HAPPY BIRTHDAY TO ME

It’s so beautiful in Hollywood today. The world is glittering with gold, and yellow streamers of sunlight wind through the tree boughs like God was throwing a party! And what makes today even more beautiful? It’s my birthday! And what else? I’m finally legal!!! Yay!!! But there’s more: I met a music manager who is going to help me produce a demo of my original songs. It will probably be a while before the record is complete, but I’d like to invite you into my world as everything comes together.

For those of you who don’t know me, let me paint you a little picture. For starters, I was home schooled as a kid, and I spent as much time reading Tolstoy and writing short stories as most kids did watching TV and going to regular school. I didn’t have a TV in the house, so I wrote lots of plays and forced my sister and brother to act in them. I collected insects. I held High Tea parties. And I tried to get rich — usually by kidnapping neighborhood cats and waiting for their owners to put up reward posters.

Oh yeah, I played the piano too. Man, did I love that piano! From the first time I sat down to one, I was hooked. I played every day, for hours on end, and it was my love of music, and my humility in the light of its power, that got me where I am today. Well, that, and the fact that I had a crush on Beethoven. Yeah, I know that’s kind of weird, having a crush on a dead German guy and all, but I thought maybe he could see me from heaven whenever I was sitting at the piano. I wasn’t sure, of course, but at 12, it was good motivation to practice.

Fortunately for me, my Beethoven strategy worked. I was soloing with my first US symphony at the age of 11, barely a year after sitting down to a piano for the first time ever and miraculously knowing how to play it. No one had to tell me I was good; I knew it. And knowing it gave me the kind of confidence very few kids, or adults, ever get to feel. I knew as early as my eleventh birthday that I was going to succeed as a musician. I just had to stay focused.

Although I was confident as a child in my ability to play the piano, it took a while for me to get comfortable as a singer. I could tell my voice was different than everybody else’s, and as a kid, I didn’t like that. Luckily for me, I found out that it’s considered to be a pretty big deal for a singer to have a distinctive voice; it’s what makes certain artists truly one of a kind. Once I realized just how lucky I was, I came to embrace my uniqueness. But I realized it didn’t matter how unique my voice was if I didn’t learn how to sing right, and I knew I had to put in the time if I wanted to sound my best. So I practiced.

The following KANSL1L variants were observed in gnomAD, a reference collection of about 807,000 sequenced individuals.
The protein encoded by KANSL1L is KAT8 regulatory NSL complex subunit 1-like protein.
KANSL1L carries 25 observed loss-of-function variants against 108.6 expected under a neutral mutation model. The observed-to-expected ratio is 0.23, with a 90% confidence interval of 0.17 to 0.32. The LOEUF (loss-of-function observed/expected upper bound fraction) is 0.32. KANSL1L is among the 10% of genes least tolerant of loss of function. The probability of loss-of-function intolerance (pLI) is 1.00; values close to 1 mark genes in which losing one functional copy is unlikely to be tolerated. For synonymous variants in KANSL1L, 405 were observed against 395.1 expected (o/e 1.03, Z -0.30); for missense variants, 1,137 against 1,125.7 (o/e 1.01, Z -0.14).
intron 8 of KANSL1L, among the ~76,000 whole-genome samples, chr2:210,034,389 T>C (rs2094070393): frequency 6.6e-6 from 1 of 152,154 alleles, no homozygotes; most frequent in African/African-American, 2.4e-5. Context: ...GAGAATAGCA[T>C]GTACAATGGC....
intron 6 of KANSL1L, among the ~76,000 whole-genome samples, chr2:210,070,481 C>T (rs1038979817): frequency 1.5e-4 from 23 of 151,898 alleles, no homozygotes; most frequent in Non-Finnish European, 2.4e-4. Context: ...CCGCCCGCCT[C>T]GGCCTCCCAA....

Practice isn’t always a pleasant process, though, especially if people who don’t support you are within earshot. I had the hardest time when I was younger. I would play and sing in the high school auditorium during lunch hour, and afterwards a group of three or four girls would follow me out of the building and punch me in the face and pull my hair while telling me how terrible I sounded. I cried so many times because of how mean they were, but I didn’t let anyone know. And I kept on singing, and I kept on playing, and I kept on writing songs, even when I was harassed because of it, and assaulted.

I believed in myself, because I had to. The mean girls would hit me, call me names, emotionally abuse me, whatever. I didn’t like it; in fact, it made me really angry. But the music only burned hotter in my soul because of it, and I could not turn my back. Of course, I eventually learned how to hit back, and later, how to hire a lawyer, but for years, I would throw myself into my music every time incidents like these occurred. I would practice my ass off until I got ridiculously good. The meaner people were, the harder I worked. The harder I worked, the better I got.

I’m not in high school anymore, so I don’t have to deal with that kind of juvenile adversity. But I did go through it, and I used it to my advantage. It was hard, but it made me stronger. Aspiring artists, take note! Don’t view criticism or cruelty as hurtful weapons that can weaken you; view them as obstacles you have to overcome on your journey towards your destiny. Mean people are like exercise equipment. If you know how to use them properly, they will sculpt you into the ultimate version of yourself. So every day, I try to believe a little more in myself and in the power of music.

Now I have a huge challenge ahead of me as far as this demo is concerned. I’ve got to take a lifetime of piano playing, and an special but untrained voice, and make something out of it.

So wish me luck, folks, and thank you for taking a step into my world. I am honored to share my music and my life with you.

xoxo,
Christine